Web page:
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Proceedings Paper

Enabling technologies and constraints for software sharing in large astronomy projects
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Paper Abstract

The new observatories currently being built, upgraded or designed represent a big step up in terms of complexity (laser guide star, adaptive optics, 30/40m class telescopes) with respect to the previous generation of ground-based telescopes. Moreover, the high cost of observing time imposes challenging requirements on system reliability and observing efficiency as well as challenging constraints in implementing major upgrades to operational observatories. Many of the basic issues are common to most of the new projects, while each project also brings an additional set of very specific challenges, imposed by the unique characteristics and scientific objectives of each telescope. Finding ways to share the solution and the risk for these common problems would allow the teams in the different projects to concentrate more resources on the specific challenges, while at the same time realizing more reliable and cost efficient systems. In this paper we analyze the many dimensions that might be involved in sharing and re-using observatory software (e.g. components, design, infrastructure frameworks, applications, toolkits, etc.). We also examine observatory experiences and technology trends. This work is the continuation of an effort started in the middle of 2007 to analyze the trends in software for the control systems of large astronomy projects.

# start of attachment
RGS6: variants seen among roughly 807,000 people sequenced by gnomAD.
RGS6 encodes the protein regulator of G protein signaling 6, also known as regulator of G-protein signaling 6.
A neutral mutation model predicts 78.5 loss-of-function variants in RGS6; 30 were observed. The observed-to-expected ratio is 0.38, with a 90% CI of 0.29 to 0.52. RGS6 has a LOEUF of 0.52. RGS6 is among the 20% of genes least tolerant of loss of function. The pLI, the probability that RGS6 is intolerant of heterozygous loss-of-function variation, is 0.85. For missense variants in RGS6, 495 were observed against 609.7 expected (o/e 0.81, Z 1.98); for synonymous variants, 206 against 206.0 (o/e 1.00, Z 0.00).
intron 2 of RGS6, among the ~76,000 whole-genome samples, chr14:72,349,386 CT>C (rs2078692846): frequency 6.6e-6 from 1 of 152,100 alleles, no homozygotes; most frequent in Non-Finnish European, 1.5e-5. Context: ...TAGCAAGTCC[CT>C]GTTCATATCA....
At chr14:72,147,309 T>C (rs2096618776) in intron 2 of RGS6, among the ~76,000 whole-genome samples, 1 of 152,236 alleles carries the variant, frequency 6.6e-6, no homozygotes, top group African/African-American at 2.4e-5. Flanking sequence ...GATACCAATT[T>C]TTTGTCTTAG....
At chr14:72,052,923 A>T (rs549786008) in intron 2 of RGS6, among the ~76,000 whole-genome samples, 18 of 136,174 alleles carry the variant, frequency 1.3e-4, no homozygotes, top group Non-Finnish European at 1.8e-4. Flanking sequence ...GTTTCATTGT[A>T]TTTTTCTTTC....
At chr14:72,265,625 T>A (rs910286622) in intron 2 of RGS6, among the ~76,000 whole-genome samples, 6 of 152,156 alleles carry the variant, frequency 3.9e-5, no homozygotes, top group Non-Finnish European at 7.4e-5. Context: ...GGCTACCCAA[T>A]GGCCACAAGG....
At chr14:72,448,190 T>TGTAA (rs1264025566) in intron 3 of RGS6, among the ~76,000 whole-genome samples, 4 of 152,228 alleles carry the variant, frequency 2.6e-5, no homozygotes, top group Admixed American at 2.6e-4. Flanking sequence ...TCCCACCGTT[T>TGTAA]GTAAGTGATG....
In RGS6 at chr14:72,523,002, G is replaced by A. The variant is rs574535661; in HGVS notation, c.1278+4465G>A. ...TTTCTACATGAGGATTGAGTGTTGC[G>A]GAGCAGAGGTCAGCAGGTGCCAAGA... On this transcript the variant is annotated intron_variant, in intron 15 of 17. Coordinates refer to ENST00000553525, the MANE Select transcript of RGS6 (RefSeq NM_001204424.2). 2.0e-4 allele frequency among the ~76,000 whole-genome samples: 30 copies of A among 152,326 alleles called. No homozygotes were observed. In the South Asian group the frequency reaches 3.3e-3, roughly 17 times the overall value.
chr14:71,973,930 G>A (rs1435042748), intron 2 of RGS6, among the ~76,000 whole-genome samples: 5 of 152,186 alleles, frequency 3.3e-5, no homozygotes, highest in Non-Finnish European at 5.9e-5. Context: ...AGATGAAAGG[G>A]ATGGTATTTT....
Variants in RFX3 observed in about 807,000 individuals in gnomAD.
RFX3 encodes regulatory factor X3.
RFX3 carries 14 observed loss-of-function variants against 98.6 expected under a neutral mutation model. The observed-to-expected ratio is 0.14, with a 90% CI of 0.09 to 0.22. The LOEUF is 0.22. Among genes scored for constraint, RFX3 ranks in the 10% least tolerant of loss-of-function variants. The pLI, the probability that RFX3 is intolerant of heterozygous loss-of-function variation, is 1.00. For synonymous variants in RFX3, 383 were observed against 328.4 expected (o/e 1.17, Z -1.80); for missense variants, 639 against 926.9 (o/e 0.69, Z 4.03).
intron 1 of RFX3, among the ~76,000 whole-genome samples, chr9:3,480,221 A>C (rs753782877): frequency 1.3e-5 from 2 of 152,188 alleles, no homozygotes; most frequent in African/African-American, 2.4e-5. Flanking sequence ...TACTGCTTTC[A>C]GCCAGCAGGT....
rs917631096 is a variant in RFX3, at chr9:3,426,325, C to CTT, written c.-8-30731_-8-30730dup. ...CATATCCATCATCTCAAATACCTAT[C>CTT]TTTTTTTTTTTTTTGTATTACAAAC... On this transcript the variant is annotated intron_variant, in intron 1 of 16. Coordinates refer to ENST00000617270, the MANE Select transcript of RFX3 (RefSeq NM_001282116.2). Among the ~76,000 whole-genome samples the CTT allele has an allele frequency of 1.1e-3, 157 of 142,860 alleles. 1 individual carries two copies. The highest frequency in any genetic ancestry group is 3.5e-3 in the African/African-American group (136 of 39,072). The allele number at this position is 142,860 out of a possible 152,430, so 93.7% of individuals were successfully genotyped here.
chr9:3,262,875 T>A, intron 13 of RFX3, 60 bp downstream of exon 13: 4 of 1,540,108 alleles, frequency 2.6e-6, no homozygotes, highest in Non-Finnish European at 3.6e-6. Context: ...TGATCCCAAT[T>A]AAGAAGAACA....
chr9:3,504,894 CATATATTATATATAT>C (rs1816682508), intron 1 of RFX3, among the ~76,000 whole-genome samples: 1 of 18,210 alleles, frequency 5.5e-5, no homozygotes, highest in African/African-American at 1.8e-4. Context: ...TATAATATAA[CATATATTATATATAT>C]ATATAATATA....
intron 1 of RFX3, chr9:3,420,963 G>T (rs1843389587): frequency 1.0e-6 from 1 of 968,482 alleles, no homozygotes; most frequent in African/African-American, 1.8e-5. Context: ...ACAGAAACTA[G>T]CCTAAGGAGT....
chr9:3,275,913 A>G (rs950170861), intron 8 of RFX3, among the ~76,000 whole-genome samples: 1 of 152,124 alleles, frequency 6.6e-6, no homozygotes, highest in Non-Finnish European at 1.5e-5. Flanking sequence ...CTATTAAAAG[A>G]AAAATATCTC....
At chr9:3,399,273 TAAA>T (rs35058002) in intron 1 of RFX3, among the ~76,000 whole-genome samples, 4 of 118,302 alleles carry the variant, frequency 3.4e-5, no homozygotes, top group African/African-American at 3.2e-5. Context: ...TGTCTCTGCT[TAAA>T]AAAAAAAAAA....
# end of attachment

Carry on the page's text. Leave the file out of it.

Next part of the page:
Paper Details

Date Published: 14 July 2008
PDF: 12 pages
Proc. SPIE 7019, Advanced Software and Control for Astronomy II, 70190Y (14 July 2008); doi: 10.1117/12.790419
Show Author Affiliations
Gianluca Chiozzi, European Southern Observatory (Germany)
Alan Bridger, UK Astronomy Technology Ctr. (United Kingdom)
Kim Gillies, Space Telescope Science Institute (United States)
Bret Goodrich, National Solar Observatory (United States)
Jimmy Johnson, W. M. Keck Observatory (United States)
Kevin McCann, W. M. Keck Observatory (United States)
German Schumacher, National Optical Astronomy Observatories (Chile)
Stephen Wampler, National Solar Observatory (United States)

Published in SPIE Proceedings Vol. 7019:
Advanced Software and Control for Astronomy II
Alan Bridger; Nicole M. Radziwill, Editor(s)

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